University of Florida

A Better Lawn on Less Water

An irrigation system is often the key to a healthy, attractive lawn. However, the improper operation of automatic irrigation systems can waste water and fertilizer and cause disease. Your automatic system, typically composed of a controller and an irrigation shut-off device (a rain sensor or a soil-moisture sensor), should not be operated on a fixed schedule. You should turn the irrigation controller to the “off” setting and water only as needed.

Watering as needed means waiting to water until 30 to 50 percent of your lawn shows at least one of the three wilt signs. These are folding leaf blades, blue-gray color, and footprints remaining visible in grass.

The key to watering as needed is your irrigation controller. Your controller is the “brain” of your irrigation system, but it only does what you tell it. Rather than running your system on a set schedule, regardless of rainfall, take control of your system and irrigate only as needed to conserve water and keep your lawn healthy.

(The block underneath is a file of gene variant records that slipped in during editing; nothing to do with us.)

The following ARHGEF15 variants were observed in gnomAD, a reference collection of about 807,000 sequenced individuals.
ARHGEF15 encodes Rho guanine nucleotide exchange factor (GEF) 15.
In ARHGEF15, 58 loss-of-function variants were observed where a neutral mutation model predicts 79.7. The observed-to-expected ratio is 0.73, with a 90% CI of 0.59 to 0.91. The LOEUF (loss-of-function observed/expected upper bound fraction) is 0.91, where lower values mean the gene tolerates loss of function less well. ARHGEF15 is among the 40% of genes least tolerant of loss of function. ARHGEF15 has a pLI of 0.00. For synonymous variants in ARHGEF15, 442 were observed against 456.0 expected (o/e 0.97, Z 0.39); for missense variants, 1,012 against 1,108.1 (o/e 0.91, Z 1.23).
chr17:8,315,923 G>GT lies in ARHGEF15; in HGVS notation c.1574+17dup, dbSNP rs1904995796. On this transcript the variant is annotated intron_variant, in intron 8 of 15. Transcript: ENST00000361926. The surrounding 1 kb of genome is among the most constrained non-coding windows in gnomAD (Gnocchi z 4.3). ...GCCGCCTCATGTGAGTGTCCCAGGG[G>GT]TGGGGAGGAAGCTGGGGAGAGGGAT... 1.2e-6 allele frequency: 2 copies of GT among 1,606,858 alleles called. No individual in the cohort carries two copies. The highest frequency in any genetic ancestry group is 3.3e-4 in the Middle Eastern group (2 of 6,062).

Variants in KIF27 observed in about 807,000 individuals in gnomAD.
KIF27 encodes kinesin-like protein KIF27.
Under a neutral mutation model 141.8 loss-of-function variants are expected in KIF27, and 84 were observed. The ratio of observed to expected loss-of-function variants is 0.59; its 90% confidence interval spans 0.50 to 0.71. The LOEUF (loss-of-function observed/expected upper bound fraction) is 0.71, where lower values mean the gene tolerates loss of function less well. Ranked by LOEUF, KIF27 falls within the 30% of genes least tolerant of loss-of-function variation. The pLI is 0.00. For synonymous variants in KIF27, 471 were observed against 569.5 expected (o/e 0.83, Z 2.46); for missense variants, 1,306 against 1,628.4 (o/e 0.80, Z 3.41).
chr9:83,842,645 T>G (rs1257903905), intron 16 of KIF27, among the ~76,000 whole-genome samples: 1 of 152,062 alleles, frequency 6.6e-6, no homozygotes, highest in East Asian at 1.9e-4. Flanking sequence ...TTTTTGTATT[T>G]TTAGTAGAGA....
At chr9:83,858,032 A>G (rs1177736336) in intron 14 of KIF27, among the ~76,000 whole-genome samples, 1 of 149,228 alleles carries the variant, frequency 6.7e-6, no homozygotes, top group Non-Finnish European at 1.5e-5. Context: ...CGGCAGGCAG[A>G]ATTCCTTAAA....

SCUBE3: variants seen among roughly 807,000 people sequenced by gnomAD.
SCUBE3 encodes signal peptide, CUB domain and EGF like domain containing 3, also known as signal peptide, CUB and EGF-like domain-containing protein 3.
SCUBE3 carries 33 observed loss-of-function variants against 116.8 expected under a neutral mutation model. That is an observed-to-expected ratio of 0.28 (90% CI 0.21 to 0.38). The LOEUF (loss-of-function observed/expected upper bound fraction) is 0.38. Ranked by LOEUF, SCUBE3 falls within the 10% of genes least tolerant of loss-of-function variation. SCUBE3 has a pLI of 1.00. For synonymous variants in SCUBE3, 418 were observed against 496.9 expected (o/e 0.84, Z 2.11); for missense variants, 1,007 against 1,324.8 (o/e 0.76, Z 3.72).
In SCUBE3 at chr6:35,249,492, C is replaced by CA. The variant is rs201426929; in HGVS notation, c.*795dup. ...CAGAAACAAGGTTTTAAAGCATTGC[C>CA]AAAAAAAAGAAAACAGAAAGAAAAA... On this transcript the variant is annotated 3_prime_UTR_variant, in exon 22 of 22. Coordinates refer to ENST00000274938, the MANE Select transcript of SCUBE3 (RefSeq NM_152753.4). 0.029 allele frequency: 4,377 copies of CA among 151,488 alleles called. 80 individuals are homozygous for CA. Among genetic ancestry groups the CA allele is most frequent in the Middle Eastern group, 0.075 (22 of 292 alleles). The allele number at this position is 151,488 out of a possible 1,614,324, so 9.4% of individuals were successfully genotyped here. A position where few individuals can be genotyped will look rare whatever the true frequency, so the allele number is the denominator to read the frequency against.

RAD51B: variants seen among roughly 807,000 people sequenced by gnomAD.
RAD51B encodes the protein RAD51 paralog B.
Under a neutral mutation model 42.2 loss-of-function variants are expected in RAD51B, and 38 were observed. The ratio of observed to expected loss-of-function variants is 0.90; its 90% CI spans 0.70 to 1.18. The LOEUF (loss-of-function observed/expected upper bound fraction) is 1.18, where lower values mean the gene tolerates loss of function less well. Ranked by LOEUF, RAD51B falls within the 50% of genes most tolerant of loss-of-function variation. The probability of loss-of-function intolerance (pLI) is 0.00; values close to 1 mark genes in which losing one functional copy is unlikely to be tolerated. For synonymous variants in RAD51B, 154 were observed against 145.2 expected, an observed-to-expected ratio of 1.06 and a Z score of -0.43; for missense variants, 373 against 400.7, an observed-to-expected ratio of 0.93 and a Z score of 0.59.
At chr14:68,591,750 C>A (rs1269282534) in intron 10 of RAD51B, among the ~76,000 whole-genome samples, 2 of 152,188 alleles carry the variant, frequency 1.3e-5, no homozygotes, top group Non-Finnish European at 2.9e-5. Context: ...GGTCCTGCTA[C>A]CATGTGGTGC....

How Your Controller Works

Your controller—the "brain" of your irrigation system—hangs on the garage or utility room wall and tells your system when to come on and how long to run. Newer controllers are usually easy to set. They typically come with simple instructions on an attached label. Look for details on your model and read all the instructions carefully.

After setting the current day and time, there are really only three things the controller needs to be told:

  • What day(s) to water
  • What time to begin
  • How long each irrigation zone should be watered

What is an Irrigation Zone?

An automatic, underground irrigation system typically waters the lawn in small, separate areas called "zones." Usually there are four or more zones per lawn.

The water to each irrigation zone goes through its own electrically operated valve. A buried signal wire runs from the irrigation controller to each valve.

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A beautiful green lawn

More Florida-Friendly Landscaping

 

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